1. Validity and repeatability of a depth camera-based surface imaging system for thigh volume measurement.

    PubMed

    Bullas, Alice M; Choppin, Simon; Heller, Ben; Wheat, Jon

    2016-10-01

    Complex anthropometrics such as area and volume, can identify changes in body size and shape that are not detectable with traditional anthropometrics of lengths, breadths, skinfolds and girths. However, taking these complex with manual techniques (tape measurement and water displacement) is often unsuitable. Three-dimensional (3D) surface imaging systems are quick and accurate alternatives to manual techniques but their use is restricted by cost, complexity and limited access. We have developed a novel low-cost, accessible and portable 3D surface imaging system based on consumer depth cameras. The aim of this study was to determine the validity and repeatability of the system in the measurement of thigh volume. The thigh volumes of 36 participants were measured with the depth camera system and a high precision commercially available 3D surface imaging system (3dMD). The depth camera system used within this study is highly repeatable (technical error of measurement (TEM) of <1.0% intra-calibration and ~2.0% inter-calibration) but systematically overestimates (~6%) thigh volume when compared to the 3dMD system. This suggests poor agreement yet a close relationship, which once corrected can yield a usable thigh volume measurement.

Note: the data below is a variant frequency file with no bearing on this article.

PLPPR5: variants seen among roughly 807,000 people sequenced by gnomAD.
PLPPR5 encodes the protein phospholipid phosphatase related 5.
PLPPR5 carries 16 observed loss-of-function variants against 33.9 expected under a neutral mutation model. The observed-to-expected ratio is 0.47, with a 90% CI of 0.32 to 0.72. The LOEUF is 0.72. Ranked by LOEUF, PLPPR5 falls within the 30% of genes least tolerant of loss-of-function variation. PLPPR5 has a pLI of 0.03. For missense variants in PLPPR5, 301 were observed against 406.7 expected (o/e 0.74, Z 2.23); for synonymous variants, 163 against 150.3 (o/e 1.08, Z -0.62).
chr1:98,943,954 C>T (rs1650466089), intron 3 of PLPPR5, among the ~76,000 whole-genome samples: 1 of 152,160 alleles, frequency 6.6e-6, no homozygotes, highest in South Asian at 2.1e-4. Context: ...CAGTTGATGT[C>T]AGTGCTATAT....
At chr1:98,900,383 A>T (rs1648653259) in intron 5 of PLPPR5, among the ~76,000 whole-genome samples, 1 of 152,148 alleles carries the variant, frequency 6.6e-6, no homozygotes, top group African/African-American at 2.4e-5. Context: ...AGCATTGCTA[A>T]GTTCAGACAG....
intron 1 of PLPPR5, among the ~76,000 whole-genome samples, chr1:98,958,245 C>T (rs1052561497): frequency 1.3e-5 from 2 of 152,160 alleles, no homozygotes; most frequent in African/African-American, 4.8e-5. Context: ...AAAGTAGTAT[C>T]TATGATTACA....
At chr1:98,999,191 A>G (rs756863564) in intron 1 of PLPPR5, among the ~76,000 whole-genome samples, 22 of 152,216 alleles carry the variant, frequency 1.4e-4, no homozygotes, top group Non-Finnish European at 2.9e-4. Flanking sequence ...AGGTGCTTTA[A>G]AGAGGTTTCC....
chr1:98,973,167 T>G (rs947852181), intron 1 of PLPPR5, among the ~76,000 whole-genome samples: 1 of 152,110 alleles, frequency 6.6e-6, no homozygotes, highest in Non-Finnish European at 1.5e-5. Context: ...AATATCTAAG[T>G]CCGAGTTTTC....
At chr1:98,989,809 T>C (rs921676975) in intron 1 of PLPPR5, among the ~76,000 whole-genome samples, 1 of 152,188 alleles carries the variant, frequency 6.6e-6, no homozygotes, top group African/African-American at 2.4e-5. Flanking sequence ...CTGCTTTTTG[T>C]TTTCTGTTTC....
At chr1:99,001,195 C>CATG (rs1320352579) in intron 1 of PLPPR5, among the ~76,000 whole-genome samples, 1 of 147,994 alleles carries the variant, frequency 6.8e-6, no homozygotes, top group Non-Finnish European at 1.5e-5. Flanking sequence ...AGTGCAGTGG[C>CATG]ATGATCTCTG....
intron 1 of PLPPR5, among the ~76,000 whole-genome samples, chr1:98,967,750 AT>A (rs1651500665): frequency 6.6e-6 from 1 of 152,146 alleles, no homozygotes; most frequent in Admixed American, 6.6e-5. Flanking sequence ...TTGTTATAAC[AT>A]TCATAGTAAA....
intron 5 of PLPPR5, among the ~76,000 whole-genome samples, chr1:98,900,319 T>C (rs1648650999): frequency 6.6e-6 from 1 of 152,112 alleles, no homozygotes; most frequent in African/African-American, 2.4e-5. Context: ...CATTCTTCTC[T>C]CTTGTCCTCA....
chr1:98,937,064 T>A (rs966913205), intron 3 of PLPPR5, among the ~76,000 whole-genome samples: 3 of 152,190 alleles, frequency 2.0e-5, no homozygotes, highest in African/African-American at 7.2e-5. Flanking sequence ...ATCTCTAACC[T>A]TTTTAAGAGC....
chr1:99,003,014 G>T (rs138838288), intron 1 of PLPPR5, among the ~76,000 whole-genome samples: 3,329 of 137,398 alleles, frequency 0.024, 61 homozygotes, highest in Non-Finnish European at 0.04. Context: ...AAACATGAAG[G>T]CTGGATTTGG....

2. X-ray imaging using avalanche multiplication in amorphous selenium: Investigation of depth dependent avalanche noise

    SciTech Connect

    Hunt, D. C.; Tanioka, Kenkichi; Rowlands, J. A.

    2007-03-15